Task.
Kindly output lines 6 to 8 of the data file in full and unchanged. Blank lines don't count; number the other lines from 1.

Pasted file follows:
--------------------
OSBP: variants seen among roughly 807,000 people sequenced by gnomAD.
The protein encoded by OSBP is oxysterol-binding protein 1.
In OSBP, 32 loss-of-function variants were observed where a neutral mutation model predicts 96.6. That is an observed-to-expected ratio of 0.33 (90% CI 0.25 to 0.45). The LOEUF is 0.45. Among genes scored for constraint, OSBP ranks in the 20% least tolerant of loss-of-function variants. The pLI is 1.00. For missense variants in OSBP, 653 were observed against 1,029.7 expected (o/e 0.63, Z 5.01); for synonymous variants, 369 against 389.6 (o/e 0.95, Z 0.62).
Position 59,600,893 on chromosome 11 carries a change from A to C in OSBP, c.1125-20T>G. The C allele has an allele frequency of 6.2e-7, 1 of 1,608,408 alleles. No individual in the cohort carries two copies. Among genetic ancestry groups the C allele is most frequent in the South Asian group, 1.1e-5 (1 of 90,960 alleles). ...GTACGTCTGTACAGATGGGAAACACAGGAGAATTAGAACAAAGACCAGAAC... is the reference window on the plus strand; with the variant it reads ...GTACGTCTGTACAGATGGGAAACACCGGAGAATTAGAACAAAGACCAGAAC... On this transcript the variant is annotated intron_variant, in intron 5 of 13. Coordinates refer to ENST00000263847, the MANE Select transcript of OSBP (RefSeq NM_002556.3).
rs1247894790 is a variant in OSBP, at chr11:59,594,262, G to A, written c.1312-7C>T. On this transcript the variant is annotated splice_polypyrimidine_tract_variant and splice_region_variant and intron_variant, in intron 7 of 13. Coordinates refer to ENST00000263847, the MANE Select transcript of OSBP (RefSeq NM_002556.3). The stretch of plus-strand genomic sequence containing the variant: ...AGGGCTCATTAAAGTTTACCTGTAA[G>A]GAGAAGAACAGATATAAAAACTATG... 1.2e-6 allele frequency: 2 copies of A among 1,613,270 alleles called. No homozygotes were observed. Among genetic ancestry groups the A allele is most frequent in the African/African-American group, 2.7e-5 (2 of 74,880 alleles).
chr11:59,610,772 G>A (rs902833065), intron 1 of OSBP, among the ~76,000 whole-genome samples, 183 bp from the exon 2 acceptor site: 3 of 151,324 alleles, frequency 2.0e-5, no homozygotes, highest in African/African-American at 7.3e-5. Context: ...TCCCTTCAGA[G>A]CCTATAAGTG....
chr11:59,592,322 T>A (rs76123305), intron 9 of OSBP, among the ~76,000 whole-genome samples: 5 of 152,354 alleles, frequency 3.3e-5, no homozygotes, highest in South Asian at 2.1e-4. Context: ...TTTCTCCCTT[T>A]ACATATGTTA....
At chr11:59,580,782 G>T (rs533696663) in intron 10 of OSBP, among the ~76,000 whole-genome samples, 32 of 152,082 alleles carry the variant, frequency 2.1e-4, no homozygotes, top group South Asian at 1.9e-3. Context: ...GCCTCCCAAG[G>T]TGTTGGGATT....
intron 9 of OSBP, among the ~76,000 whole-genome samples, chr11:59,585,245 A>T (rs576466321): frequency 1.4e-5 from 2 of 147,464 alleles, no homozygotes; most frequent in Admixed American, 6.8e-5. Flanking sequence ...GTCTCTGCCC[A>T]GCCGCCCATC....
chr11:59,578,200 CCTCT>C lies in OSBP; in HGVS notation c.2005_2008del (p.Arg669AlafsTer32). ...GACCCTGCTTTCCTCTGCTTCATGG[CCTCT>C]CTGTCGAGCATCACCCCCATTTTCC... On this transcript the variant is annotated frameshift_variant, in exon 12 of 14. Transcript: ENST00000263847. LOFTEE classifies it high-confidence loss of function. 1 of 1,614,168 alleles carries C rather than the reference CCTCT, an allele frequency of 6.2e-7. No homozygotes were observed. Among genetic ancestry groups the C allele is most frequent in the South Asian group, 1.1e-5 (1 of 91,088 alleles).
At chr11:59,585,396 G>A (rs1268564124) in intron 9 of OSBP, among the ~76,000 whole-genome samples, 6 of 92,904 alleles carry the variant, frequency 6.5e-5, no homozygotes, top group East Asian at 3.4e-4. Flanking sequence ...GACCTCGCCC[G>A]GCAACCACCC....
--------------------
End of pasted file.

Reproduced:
chr11:59,610,772 G>A (rs902833065), intron 1 of OSBP, among the ~76,000 whole-genome samples, 183 bp from the exon 2 acceptor site: 3 of 151,324 alleles, frequency 2.0e-5, no homozygotes, highest in African/African-American at 7.3e-5. Context: ...TCCCTTCAGA[G>A]CCTATAAGTG....
chr11:59,592,322 T>A (rs76123305), intron 9 of OSBP, among the ~76,000 whole-genome samples: 5 of 152,354 alleles, frequency 3.3e-5, no homozygotes, highest in South Asian at 2.1e-4. Context: ...TTTCTCCCTT[T>A]ACATATGTTA....
At chr11:59,580,782 G>T (rs533696663) in intron 10 of OSBP, among the ~76,000 whole-genome samples, 32 of 152,082 alleles carry the variant, frequency 2.1e-4, no homozygotes, top group South Asian at 1.9e-3. Context: ...GCCTCCCAAG[G>T]TGTTGGGATT....